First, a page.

What Makes a Director “Independent”?

Chairs Around a Table

What makes a director “independent”? That question is important, not only to investors who want to ensure that boards of directors exercise objective judgment on corporate affairs, but also to companies, who need assurance that their boards will not run afoul of exchange listing requirements, and to directors themselves, for protection against shareholder lawsuits challenging board decisions.

Listing requirements for both the New York Stock Exchange  and NASDAQ provide basic checklists for directors independence, and state generally that directors cannot be employed by the company, cannot have family members who are employed by the company and cannot have a controlling interest in the company’s substantial business partners. But the exchanges’ listing requirements also contemplate that the question of independence is far broader than any checklist. The NYSE’s listing requirements further note that directors should have “no material relationship” with the Company; NASDAQ’S requirements state directors should have no relationship which “would interfere with the exercise of independent judgment in carrying out the responsibilities of a director.”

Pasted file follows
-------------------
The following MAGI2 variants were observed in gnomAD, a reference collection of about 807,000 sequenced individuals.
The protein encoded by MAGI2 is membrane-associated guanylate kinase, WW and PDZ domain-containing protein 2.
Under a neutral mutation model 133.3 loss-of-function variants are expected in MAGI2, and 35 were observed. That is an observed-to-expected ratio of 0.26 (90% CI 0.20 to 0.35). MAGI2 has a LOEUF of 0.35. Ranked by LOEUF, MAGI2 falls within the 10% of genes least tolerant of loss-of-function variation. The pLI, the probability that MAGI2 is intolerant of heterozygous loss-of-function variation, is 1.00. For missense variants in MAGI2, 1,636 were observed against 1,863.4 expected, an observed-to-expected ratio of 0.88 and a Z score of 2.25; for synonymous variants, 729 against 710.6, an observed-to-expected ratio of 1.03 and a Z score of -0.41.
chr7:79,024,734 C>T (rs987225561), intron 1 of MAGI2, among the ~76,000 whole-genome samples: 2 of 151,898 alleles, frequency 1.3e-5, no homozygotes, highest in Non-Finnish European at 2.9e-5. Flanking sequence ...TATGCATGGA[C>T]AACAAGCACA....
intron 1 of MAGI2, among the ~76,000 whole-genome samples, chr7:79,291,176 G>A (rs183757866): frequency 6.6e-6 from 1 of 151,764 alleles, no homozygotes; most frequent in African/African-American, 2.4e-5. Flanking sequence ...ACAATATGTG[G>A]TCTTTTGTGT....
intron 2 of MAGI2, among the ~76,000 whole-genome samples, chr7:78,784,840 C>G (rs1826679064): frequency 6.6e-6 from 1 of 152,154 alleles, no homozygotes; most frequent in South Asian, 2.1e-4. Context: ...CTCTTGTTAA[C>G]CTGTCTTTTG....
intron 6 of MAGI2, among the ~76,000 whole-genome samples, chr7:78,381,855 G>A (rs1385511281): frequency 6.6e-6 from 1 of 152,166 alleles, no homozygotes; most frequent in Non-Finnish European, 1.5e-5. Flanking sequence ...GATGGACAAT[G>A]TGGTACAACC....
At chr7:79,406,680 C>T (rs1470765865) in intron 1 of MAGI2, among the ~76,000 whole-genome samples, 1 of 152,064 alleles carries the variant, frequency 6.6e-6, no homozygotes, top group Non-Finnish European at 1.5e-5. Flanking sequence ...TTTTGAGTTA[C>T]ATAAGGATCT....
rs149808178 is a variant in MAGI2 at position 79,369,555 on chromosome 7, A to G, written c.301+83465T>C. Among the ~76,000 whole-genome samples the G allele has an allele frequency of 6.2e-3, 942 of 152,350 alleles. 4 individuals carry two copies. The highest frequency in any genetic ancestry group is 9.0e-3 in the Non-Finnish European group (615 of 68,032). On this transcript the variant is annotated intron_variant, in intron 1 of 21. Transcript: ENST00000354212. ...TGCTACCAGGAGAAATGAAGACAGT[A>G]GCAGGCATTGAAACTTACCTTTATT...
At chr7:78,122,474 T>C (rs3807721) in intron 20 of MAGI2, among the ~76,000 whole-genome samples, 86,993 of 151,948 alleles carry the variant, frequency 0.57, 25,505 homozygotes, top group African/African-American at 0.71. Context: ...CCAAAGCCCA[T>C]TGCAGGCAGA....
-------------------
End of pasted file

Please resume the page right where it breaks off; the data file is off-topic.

Of course, what constitutes a “material relationship” or a relationship that “would interfere with the exercise of independent judgment” is inherently a fact-based question, and as such there are no bright-line rules to guide director retention. When evaluating director independence, factors that courts have considered include:

Close business or personal ties with other directors, controlling shareholders or third-parties with which the company does business;

  • Ownership of Company stock;
  • Service on multiple boards;
  • Personal interests in company business deals, whether past or current;
  • Excessive director compensation;
  • Political affiliations;
  • Other factors that could be said influence the director’s decision-making.

At bottom, the question of whether a director is independent must be evaluated on a case-by-case basis, and should involve careful consideration of the director’s background, business history and personal relationships.